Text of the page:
Effect of postharvest edible coating materials on sugar and organic acid content of fresh-cut melons grown with different fertilizer treatments


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İşlek F., Çavuşoğlu Ş.

Turkish Journal of Agriculture and Forestry, vol.47, no.6, pp.1142-1154, 2023 (SCI-Expanded) identifier

  • Publication Type: Article / Article
  • Volume: 47 Issue: 6
  • Publication Date: 2023
  • Doi Number: 10.55730/1300-011x.3153
  • Journal Name: Turkish Journal of Agriculture and Forestry
  • Journal Indexes: Science Citation Index Expanded (SCI-EXPANDED), Scopus, Academic Search Premier, BIOSIS, CAB Abstracts, Compendex, Environment Index, Geobase, INSPEC, Veterinary Science Database
  • Page Numbers: pp.1142-1154
  • Keywords: Edible coating, fresh-cut, melon, organic acid
  • Van Yüzüncü Yıl University Affiliated: Yes

Abstract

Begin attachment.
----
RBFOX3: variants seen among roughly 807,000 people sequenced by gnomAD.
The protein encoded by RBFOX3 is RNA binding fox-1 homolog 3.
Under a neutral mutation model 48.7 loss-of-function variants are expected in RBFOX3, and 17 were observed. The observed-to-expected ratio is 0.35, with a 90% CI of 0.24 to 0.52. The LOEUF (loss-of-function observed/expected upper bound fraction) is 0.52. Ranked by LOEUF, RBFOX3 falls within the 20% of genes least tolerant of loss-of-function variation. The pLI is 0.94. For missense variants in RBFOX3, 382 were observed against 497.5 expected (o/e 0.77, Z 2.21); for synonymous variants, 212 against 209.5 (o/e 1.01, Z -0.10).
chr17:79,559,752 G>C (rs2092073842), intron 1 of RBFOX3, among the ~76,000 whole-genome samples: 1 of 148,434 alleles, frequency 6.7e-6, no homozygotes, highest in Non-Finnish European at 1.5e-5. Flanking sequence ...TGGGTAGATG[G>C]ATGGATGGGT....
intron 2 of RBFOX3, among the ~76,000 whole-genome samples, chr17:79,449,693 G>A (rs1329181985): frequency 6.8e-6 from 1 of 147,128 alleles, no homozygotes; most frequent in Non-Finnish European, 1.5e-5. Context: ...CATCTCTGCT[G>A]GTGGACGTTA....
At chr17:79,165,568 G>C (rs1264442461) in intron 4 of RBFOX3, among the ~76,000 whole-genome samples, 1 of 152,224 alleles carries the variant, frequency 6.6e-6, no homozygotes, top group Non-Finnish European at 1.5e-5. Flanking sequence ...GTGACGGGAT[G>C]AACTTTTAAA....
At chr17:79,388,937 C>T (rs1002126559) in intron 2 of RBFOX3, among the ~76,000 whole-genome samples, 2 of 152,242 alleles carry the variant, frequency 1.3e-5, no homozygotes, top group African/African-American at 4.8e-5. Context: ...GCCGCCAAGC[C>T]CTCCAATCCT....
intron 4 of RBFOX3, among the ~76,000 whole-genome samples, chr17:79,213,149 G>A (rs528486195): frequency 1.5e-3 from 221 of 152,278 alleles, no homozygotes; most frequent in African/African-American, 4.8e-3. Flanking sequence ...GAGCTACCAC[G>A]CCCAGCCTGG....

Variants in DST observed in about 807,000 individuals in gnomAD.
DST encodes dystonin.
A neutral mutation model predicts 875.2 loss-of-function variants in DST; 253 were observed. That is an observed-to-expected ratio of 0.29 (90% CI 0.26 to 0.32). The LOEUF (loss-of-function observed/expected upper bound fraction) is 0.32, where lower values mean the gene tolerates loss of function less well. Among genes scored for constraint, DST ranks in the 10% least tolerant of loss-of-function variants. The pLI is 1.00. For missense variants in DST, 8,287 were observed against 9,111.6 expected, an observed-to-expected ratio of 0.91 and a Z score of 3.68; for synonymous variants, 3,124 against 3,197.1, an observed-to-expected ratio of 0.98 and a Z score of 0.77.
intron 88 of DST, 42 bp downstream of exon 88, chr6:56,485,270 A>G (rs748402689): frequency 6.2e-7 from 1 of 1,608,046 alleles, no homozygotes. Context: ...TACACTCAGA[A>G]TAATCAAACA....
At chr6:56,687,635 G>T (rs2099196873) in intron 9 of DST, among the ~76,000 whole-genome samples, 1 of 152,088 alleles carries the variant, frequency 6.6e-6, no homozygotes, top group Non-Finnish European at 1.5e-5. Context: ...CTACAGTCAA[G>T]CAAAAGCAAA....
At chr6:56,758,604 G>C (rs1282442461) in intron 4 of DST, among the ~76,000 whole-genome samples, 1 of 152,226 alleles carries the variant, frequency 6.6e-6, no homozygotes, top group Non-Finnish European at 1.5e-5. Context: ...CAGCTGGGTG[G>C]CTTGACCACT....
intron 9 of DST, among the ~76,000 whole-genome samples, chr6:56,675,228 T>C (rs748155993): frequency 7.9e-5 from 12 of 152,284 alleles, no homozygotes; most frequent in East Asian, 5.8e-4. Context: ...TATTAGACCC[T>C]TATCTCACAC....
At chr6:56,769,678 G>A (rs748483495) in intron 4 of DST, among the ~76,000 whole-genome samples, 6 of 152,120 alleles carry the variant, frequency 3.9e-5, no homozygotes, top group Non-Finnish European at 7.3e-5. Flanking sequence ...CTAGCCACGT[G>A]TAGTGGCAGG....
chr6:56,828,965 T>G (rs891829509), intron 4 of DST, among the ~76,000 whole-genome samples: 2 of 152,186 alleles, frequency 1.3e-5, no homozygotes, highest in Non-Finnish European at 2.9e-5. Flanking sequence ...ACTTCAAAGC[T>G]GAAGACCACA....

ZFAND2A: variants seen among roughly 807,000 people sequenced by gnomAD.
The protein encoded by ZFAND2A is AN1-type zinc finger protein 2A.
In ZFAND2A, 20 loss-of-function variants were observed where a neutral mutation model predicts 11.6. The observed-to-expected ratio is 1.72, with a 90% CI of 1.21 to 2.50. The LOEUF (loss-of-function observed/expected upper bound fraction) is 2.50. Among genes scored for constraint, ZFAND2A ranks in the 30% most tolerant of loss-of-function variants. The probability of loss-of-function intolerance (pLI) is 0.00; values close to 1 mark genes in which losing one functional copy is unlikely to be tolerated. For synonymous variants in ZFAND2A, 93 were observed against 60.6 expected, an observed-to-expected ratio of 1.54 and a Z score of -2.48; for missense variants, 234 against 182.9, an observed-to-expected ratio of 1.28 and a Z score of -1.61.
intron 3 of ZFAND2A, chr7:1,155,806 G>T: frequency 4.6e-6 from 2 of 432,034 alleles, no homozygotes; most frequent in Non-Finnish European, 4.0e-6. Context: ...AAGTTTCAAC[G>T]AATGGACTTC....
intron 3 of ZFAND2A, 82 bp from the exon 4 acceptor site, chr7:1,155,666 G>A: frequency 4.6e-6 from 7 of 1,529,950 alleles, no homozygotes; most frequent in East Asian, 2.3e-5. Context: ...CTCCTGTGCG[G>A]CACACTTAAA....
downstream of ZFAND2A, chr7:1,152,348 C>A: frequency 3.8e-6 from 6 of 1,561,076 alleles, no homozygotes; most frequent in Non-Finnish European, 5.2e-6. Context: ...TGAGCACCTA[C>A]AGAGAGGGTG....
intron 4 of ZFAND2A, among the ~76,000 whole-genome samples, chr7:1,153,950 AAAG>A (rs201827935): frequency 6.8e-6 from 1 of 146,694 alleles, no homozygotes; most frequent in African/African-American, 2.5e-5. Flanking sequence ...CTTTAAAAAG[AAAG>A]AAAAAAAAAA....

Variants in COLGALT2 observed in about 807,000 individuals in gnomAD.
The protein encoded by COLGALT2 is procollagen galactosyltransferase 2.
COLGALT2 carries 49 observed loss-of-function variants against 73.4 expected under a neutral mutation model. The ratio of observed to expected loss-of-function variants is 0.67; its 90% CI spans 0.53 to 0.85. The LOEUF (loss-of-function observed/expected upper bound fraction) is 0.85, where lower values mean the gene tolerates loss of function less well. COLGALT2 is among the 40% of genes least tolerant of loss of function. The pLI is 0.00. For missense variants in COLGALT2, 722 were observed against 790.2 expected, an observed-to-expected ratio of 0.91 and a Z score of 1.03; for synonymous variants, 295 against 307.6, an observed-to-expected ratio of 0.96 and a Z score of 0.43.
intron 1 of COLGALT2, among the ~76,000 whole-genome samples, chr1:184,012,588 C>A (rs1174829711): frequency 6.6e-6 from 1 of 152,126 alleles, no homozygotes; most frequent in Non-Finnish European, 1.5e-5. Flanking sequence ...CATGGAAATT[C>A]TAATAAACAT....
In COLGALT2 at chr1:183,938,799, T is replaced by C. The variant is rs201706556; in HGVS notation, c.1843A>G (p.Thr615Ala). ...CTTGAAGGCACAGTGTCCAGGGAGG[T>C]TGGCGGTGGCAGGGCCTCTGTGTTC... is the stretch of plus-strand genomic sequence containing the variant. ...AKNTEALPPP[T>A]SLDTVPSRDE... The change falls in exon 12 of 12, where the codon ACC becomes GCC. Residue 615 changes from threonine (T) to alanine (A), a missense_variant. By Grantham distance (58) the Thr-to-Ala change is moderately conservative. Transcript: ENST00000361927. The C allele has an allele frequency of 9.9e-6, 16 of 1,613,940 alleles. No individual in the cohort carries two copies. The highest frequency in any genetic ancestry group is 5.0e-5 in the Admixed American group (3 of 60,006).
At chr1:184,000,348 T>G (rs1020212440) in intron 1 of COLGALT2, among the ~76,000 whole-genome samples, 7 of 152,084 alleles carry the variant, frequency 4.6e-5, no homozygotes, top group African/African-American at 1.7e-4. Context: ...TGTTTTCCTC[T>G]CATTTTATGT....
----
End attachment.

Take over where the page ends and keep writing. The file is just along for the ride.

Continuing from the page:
The demand for convenient and ready-to-eat food has increased, including fresh-cut fruit and vegetables. At the same time, people are also becoming more health-conscious and are aware of the positive impact of healthy food choices on their well-being. Fresh-cut fruit and vegetables are seen as a healthy and convenient option that allows people to meet their nutritional needs without sacrificing their busy lifestyles. This study examines the use of sustainable fertilization practices for growing melons and the application of edible coatings on fresh-cut fruit to preserve their freshness and levels of sugar and organic acids during storage. The cv. ‘Kırkağaç’ melon was used as the plant material. In the current study, the materials needed for preharvest fertilizer applications (humic acid, liquid worm fertilizer, and organomineral fertilizer) were obtained from a commercial company. The materials needed for postharvest edible coating (sodium alginate, pectin, and carob gum) were obtained from a different company. According to the results, the total sugar content of the melons increased as they ripened, but the application of an edible pectin coating helped to control this increase in sugar content better than the other treatments. This is because the pectin coating slowed down the ripening process by reducing the rate of respiration and ethylene release. The results of the study indicated that there were significant differences (p < 0.05) observed between the control group and the samples treated with edible coatings in all parameters measured. In summary, this study suggests that sustainable fertilization practices could be a viable option for cultivating melons, and that edible coatings could be used as novel materials in commercial treatments to maintain the quality of fresh-cut melons during storage.